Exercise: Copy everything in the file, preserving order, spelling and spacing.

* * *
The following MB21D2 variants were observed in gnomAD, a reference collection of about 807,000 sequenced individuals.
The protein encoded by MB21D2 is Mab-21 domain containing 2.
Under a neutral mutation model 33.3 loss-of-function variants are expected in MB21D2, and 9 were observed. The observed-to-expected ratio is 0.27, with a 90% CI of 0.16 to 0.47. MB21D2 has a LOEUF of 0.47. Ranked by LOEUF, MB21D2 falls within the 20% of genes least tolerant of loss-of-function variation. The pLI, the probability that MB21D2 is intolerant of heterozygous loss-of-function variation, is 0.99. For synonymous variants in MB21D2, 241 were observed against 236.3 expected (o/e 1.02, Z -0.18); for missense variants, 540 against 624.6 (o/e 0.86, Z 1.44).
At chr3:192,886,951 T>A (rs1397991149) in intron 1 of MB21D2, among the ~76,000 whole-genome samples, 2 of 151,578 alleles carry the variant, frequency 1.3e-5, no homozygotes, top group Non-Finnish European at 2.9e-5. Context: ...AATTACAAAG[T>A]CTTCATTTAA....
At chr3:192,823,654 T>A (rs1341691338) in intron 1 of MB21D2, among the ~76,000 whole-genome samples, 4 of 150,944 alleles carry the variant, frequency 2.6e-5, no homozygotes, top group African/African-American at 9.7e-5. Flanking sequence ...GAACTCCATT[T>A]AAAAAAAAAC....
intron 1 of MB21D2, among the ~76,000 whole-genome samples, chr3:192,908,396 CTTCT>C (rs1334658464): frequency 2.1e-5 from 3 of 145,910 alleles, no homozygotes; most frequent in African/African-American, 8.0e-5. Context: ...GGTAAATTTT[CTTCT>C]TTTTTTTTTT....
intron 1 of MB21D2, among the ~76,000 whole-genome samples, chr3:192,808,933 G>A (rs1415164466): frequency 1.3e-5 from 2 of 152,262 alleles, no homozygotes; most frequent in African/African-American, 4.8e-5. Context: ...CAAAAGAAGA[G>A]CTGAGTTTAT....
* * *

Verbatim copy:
The following MB21D2 variants were observed in gnomAD, a reference collection of about 807,000 sequenced individuals.
The protein encoded by MB21D2 is Mab-21 domain containing 2.
Under a neutral mutation model 33.3 loss-of-function variants are expected in MB21D2, and 9 were observed. The observed-to-expected ratio is 0.27, with a 90% CI of 0.16 to 0.47. MB21D2 has a LOEUF of 0.47. Ranked by LOEUF, MB21D2 falls within the 20% of genes least tolerant of loss-of-function variation. The pLI, the probability that MB21D2 is intolerant of heterozygous loss-of-function variation, is 0.99. For synonymous variants in MB21D2, 241 were observed against 236.3 expected (o/e 1.02, Z -0.18); for missense variants, 540 against 624.6 (o/e 0.86, Z 1.44).
At chr3:192,886,951 T>A (rs1397991149) in intron 1 of MB21D2, among the ~76,000 whole-genome samples, 2 of 151,578 alleles carry the variant, frequency 1.3e-5, no homozygotes, top group Non-Finnish European at 2.9e-5. Context: ...AATTACAAAG[T>A]CTTCATTTAA....
At chr3:192,823,654 T>A (rs1341691338) in intron 1 of MB21D2, among the ~76,000 whole-genome samples, 4 of 150,944 alleles carry the variant, frequency 2.6e-5, no homozygotes, top group African/African-American at 9.7e-5. Flanking sequence ...GAACTCCATT[T>A]AAAAAAAAAC....
intron 1 of MB21D2, among the ~76,000 whole-genome samples, chr3:192,908,396 CTTCT>C (rs1334658464): frequency 2.1e-5 from 3 of 145,910 alleles, no homozygotes; most frequent in African/African-American, 8.0e-5. Context: ...GGTAAATTTT[CTTCT>C]TTTTTTTTTT....
intron 1 of MB21D2, among the ~76,000 whole-genome samples, chr3:192,808,933 G>A (rs1415164466): frequency 1.3e-5 from 2 of 152,262 alleles, no homozygotes; most frequent in African/African-American, 4.8e-5. Context: ...CAAAAGAAGA[G>A]CTGAGTTTAT....